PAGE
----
The Journal of veterinary medical science

Gas chromatography-mass spectrometric studies of canine urinary metabolism.

PMID 7492634


After the urine was treated with urease, lyophilized, and trimethylsilylated, it was examined for metabolic profiles in Dalmatian dogs and Shetland sheepdogs by gas chromatography-mass spectrometry (GC/MS), which simultaneously analyzes organic acids, amino acids, sugars, sugar alcohols, purine and pyrimidine bases, and nucleosides. The profiles were compared with those from human specimens. As clarified in past studies, Dalmatian dogs showed an extreme decrease in allantoin, which is the final product of purine metabolism in the canine of other species, and a marked detection of uric acid peak. This finding suggests that purine metabolism in Dalmatian dogs is different from that in the other species. Only two Shetland sheepdogs, whose mother had chronic renal failure, showed a marked excretion of uric acid, as in Dalmatian dogs. In addition, some Dalmatian dogs, who were maintained on a protein-restricted diet, showed a little excretion of uric acid. A large amount of uric acid is detected in combination with pentose-monosaccharides, hexose-monosaccharides and sugar alcohols in neonatal human urine in comparison with the present dog samples. A marked difference between the canine and the humans is that phenylacetylglycine, which is derived from the aromatic amino acid phenylalanine, is excreted in the canine urine. Phenylacetylglycine is not detected in the human urine, and there have been no reports of its excretion in canine urine.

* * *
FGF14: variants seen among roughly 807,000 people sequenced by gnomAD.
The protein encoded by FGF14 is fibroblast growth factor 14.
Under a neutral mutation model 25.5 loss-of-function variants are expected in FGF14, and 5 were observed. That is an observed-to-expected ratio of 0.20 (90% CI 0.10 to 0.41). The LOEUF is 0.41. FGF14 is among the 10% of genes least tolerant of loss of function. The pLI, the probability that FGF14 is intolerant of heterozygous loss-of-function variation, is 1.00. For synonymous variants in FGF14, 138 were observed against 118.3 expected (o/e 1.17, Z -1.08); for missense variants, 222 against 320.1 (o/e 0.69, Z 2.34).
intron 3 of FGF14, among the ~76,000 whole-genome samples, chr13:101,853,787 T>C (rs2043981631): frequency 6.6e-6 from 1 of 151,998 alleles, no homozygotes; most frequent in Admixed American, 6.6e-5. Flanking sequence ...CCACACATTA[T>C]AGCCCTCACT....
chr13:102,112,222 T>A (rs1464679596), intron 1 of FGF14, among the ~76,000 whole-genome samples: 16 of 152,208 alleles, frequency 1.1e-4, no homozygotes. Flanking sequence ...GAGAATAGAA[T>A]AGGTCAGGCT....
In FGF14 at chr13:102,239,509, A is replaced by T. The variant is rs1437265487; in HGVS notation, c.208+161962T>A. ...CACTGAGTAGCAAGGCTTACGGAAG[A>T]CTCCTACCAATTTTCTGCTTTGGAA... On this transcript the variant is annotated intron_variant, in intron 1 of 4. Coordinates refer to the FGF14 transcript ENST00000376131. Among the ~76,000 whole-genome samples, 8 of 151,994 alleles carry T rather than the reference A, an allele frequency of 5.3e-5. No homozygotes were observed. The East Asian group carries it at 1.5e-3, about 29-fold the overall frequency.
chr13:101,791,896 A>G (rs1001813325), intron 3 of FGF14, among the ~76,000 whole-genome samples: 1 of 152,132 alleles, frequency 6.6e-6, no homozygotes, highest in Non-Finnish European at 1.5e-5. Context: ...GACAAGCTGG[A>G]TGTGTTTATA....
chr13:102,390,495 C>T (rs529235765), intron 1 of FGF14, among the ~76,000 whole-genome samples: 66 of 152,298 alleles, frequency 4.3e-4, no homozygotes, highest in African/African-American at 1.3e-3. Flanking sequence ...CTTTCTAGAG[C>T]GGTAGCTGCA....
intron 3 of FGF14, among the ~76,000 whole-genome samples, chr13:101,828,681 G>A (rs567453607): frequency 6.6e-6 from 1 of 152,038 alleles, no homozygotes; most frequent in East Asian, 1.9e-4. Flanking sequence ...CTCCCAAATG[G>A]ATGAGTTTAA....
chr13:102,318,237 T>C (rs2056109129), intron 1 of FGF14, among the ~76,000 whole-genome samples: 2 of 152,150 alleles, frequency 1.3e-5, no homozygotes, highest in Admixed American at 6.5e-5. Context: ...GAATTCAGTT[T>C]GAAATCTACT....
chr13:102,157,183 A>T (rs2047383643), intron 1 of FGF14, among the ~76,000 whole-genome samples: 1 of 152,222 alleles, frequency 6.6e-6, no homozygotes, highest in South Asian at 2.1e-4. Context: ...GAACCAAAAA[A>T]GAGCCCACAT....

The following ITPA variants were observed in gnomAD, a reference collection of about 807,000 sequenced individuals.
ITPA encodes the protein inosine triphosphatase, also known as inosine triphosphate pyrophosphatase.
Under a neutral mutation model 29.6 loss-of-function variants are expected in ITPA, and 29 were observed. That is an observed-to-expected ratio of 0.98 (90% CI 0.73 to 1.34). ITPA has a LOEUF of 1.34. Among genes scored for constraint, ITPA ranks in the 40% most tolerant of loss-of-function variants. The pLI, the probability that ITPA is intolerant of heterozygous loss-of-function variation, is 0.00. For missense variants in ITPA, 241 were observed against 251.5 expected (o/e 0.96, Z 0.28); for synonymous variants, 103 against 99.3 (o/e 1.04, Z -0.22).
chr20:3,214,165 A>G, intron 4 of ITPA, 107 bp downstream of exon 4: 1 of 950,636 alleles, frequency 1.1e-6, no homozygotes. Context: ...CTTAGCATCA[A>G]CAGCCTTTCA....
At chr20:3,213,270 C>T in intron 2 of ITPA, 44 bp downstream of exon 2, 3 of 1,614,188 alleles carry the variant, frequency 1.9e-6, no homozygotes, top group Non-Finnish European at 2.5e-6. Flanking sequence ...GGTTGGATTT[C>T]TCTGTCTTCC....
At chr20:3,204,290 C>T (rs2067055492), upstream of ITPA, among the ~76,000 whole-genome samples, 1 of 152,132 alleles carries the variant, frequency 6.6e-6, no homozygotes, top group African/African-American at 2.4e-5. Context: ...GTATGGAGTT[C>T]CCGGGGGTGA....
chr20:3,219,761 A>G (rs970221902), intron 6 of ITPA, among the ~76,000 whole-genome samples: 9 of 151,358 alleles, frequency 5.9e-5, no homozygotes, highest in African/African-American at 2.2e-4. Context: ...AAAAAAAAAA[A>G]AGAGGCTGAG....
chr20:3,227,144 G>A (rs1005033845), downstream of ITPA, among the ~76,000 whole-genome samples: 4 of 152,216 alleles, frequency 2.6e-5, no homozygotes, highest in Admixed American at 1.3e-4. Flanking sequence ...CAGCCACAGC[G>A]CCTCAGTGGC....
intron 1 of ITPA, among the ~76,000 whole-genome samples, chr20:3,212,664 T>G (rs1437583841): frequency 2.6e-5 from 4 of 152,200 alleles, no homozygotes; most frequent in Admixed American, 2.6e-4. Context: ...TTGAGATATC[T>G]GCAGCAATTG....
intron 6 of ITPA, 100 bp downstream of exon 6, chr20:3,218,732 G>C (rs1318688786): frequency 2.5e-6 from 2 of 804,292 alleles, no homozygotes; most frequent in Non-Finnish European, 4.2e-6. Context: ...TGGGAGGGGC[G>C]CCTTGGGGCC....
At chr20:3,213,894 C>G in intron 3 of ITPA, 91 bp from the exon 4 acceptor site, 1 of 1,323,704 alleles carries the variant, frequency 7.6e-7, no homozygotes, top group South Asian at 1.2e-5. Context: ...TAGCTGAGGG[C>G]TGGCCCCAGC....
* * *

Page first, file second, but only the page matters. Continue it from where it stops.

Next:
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N-(2-Phenylacetyl)glycine, analytical standard